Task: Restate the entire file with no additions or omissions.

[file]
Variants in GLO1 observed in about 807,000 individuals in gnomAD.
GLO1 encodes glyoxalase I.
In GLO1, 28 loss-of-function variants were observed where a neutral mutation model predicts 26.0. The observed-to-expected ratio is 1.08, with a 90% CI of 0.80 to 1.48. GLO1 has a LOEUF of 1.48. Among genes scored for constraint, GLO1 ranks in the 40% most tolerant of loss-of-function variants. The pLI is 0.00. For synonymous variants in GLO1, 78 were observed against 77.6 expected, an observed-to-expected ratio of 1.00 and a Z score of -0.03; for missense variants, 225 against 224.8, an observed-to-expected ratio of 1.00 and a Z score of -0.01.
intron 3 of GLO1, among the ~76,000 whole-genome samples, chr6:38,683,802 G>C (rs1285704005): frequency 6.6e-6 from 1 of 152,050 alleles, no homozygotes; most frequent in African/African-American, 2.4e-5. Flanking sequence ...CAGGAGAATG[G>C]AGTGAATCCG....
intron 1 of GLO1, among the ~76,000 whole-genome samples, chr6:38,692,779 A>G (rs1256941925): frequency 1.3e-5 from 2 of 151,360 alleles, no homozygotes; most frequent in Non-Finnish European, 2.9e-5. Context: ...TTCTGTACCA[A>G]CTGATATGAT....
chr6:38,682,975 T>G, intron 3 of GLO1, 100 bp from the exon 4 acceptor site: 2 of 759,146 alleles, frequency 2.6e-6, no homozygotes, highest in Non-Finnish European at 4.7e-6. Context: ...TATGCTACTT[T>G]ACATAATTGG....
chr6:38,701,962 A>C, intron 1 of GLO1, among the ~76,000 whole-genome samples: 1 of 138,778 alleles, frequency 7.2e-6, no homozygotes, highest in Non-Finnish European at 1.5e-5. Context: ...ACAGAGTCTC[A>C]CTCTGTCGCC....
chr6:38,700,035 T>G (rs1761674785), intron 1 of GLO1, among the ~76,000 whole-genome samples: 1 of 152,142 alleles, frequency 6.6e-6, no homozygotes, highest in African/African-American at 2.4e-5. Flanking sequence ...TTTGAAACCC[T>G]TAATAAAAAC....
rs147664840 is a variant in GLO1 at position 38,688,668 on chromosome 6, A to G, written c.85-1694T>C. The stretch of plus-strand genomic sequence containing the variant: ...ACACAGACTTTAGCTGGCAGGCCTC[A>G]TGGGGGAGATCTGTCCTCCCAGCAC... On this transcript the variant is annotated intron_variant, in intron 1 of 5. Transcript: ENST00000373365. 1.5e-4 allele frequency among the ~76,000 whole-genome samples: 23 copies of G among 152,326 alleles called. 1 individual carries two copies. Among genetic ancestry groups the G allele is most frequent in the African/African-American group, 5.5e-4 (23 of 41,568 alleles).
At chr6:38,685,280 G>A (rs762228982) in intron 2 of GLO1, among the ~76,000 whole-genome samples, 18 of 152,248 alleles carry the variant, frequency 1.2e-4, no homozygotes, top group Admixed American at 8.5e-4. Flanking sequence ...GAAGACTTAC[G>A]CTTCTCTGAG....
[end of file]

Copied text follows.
Variants in GLO1 observed in about 807,000 individuals in gnomAD.
GLO1 encodes glyoxalase I.
In GLO1, 28 loss-of-function variants were observed where a neutral mutation model predicts 26.0. The observed-to-expected ratio is 1.08, with a 90% CI of 0.80 to 1.48. GLO1 has a LOEUF of 1.48. Among genes scored for constraint, GLO1 ranks in the 40% most tolerant of loss-of-function variants. The pLI is 0.00. For synonymous variants in GLO1, 78 were observed against 77.6 expected, an observed-to-expected ratio of 1.00 and a Z score of -0.03; for missense variants, 225 against 224.8, an observed-to-expected ratio of 1.00 and a Z score of -0.01.
intron 3 of GLO1, among the ~76,000 whole-genome samples, chr6:38,683,802 G>C (rs1285704005): frequency 6.6e-6 from 1 of 152,050 alleles, no homozygotes; most frequent in African/African-American, 2.4e-5. Flanking sequence ...CAGGAGAATG[G>C]AGTGAATCCG....
intron 1 of GLO1, among the ~76,000 whole-genome samples, chr6:38,692,779 A>G (rs1256941925): frequency 1.3e-5 from 2 of 151,360 alleles, no homozygotes; most frequent in Non-Finnish European, 2.9e-5. Context: ...TTCTGTACCA[A>G]CTGATATGAT....
chr6:38,682,975 T>G, intron 3 of GLO1, 100 bp from the exon 4 acceptor site: 2 of 759,146 alleles, frequency 2.6e-6, no homozygotes, highest in Non-Finnish European at 4.7e-6. Context: ...TATGCTACTT[T>G]ACATAATTGG....
chr6:38,701,962 A>C, intron 1 of GLO1, among the ~76,000 whole-genome samples: 1 of 138,778 alleles, frequency 7.2e-6, no homozygotes, highest in Non-Finnish European at 1.5e-5. Context: ...ACAGAGTCTC[A>C]CTCTGTCGCC....
chr6:38,700,035 T>G (rs1761674785), intron 1 of GLO1, among the ~76,000 whole-genome samples: 1 of 152,142 alleles, frequency 6.6e-6, no homozygotes, highest in African/African-American at 2.4e-5. Flanking sequence ...TTTGAAACCC[T>G]TAATAAAAAC....
rs147664840 is a variant in GLO1 at position 38,688,668 on chromosome 6, A to G, written c.85-1694T>C. The stretch of plus-strand genomic sequence containing the variant: ...ACACAGACTTTAGCTGGCAGGCCTC[A>G]TGGGGGAGATCTGTCCTCCCAGCAC... On this transcript the variant is annotated intron_variant, in intron 1 of 5. Transcript: ENST00000373365. 1.5e-4 allele frequency among the ~76,000 whole-genome samples: 23 copies of G among 152,326 alleles called. 1 individual carries two copies. Among genetic ancestry groups the G allele is most frequent in the African/African-American group, 5.5e-4 (23 of 41,568 alleles).
At chr6:38,685,280 G>A (rs762228982) in intron 2 of GLO1, among the ~76,000 whole-genome samples, 18 of 152,248 alleles carry the variant, frequency 1.2e-4, no homozygotes, top group Admixed American at 8.5e-4. Flanking sequence ...GAAGACTTAC[G>A]CTTCTCTGAG....